A new study of 2300 species of mammals and nearly 6700 species of birds from across the globe helps explain why there are so many more species of plants and animals in the tropics than at higher latitudes. In a study supported by the National Evolutionary Synthesis Center in North Carolina, researchers found that while the tropics harbor a greater diversity of species, the number of subspecies—potential stepping stones in the process by which one species becomes two—is actually greater in the harsher environments typical of higher latitudes.
The surprising results suggest that the latitudinal diversity gradient may be due higher species turnover—a higher potential for speciation counterbalanced by a higher potential for extinction—towards the poles than near the equator, the researchers say.
Scientists have known for more than a century that species diversity increases towards the equator. Think tropical rainforests—which house two thirds of the world's species—teeming with buzzing insects, screeching birds and howling monkeys, versus the frigid tundra, where life is largely limited to scattered trees and only a few dozen kinds of mammals, such as caribou and foxes.
Numerous hypotheses have been proposed to explain this pattern. One idea is that tropical regions harbor greater biodiversity because they are especially fertile grounds for the formation of new species—i.e., "cradles of diversity." Another idea is that biodiversity hotspots are less likely to lose the species they already have.
"There's a lot of controversy over what explains the global pattern of biodiversity," said lead author Carlos Botero of North Carolina State University.
In a study to appear in the November 22 issue of Molecular Ecology, Botero and colleagues assembled a data set of climate and weather patterns across the globe, and combined it with genetic data other information for nearly 50% and 70% of all mammals and birds known to be alive today.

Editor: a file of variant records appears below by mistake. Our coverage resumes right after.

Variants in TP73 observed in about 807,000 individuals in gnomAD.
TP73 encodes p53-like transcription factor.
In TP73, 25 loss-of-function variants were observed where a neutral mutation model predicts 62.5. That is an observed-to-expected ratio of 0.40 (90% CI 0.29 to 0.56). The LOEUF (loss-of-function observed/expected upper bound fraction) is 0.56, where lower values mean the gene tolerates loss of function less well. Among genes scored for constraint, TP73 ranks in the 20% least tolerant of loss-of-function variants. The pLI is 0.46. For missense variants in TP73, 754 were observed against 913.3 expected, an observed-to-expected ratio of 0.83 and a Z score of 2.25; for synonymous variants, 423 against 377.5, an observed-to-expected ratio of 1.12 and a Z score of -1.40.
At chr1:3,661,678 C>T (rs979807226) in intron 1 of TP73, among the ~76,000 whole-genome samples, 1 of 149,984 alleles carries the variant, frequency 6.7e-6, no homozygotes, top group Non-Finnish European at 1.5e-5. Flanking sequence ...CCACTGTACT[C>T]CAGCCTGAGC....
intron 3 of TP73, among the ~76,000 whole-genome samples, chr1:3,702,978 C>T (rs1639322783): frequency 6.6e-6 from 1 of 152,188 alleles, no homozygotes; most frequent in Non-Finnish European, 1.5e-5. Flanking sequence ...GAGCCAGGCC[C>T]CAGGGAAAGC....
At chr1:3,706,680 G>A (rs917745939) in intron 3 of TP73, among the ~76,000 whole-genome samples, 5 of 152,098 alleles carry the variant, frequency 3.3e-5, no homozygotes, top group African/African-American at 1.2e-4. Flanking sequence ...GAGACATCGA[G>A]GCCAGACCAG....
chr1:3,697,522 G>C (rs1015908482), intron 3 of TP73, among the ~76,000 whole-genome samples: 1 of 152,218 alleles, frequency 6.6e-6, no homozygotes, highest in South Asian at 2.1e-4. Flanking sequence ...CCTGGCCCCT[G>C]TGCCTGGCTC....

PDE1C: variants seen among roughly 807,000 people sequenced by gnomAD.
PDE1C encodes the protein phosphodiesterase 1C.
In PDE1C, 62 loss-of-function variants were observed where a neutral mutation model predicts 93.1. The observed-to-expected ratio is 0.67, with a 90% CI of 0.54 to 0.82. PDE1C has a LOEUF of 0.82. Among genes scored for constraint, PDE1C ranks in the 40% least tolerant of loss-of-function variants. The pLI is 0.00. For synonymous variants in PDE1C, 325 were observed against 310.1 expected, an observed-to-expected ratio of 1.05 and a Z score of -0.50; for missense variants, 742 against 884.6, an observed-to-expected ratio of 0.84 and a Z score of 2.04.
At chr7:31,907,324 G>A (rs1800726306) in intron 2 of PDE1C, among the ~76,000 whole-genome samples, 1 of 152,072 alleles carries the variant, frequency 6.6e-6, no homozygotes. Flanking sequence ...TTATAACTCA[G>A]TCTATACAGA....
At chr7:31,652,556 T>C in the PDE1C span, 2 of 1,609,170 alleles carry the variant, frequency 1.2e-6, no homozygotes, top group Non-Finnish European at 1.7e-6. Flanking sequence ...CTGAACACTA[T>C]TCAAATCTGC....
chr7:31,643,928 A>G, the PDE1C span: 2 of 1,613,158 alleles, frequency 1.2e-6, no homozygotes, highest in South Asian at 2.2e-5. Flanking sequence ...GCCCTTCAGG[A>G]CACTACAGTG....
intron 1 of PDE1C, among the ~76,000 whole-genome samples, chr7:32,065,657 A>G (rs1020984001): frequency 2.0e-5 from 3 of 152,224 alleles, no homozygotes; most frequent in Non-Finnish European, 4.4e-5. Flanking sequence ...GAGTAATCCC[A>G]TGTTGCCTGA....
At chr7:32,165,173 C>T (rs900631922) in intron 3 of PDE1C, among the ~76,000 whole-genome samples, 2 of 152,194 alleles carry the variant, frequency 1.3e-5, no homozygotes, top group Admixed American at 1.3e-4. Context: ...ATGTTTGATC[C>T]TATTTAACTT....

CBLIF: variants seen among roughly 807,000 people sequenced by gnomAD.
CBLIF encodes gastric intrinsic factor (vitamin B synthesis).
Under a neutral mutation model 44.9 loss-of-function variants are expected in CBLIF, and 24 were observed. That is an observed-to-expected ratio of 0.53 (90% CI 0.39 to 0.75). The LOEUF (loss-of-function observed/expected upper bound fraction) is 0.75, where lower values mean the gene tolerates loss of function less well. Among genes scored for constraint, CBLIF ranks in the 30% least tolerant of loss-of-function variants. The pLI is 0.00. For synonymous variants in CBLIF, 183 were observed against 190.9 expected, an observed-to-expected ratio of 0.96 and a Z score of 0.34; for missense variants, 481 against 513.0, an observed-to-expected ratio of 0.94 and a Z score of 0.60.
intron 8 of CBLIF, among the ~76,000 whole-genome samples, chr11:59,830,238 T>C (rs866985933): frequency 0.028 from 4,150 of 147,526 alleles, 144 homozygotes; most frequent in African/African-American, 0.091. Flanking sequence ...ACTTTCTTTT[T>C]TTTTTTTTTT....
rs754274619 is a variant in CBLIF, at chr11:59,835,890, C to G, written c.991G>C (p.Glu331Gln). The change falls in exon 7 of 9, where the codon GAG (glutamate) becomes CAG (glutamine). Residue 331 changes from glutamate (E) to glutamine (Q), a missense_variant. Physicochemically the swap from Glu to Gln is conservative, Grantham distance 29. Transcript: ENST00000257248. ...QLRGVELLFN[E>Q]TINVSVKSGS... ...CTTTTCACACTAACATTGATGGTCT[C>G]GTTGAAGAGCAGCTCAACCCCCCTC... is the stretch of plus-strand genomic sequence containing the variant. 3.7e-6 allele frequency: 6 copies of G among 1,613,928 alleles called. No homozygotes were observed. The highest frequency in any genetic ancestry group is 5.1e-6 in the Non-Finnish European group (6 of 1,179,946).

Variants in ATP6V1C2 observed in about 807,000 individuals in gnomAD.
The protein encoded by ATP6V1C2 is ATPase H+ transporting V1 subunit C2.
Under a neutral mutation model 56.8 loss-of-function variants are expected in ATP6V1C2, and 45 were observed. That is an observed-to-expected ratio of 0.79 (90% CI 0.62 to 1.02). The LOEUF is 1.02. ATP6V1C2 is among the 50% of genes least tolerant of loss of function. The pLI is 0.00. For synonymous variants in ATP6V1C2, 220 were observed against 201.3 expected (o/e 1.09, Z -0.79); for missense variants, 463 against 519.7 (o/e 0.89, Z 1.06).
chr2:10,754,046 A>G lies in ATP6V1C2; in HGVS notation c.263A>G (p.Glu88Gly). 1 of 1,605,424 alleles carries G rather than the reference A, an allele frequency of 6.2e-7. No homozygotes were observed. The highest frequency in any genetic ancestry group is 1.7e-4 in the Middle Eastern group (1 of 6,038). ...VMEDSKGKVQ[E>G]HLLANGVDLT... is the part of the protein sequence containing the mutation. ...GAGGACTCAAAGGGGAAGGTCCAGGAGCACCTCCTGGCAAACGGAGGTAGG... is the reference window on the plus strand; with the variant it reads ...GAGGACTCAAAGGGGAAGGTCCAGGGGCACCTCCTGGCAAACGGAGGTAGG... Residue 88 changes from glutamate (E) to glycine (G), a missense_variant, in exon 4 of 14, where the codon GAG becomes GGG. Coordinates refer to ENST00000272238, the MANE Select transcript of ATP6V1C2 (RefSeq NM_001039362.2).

The team was surprised to find that while the number of bird and mammal species increases closer to the equator, the number of genetically distinct groups within each species—known as subspecies—is greater in the harsher environments typical of higher latitudes.
"These are environments that are colder and drier, and where the differences between the hottest and coolest months are more extreme," Botero explained.
Animals in these environments are more likely to freeze during cold winters or die during usually hot summers. "If extreme weather events wipe out a population every now and then, but don't wipe out an entire species, the populations that survive will be geographically separated and could start to diverge from one another," Botero said.
The results are consistent with a 2007 study by researchers at the University of British Columbia suggesting that—contrary to conventional wisdom—species arise faster in temperate zones than in the tropics. "It may be that species come and go more frequently in the temperate zones," Botero said.
Comparing biodiversity in the temperate zones with that in the tropics is like comparing the coins in your pocket with the coins in your piggy bank, he added. "There are usually more coins in your piggy bank than in your pocket. But you're always spending the coins in your pocket, and receiving new coins in the form of change. The coins in your piggy bank turn over less often, but over time they add up."
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More information: Botero, C., et al. (2013). "Environmental harshness is positively correlated with intraspecific divergence in mammals and birds." Molecular Ecology. dx.doi.org/10.5061/dryad.sb175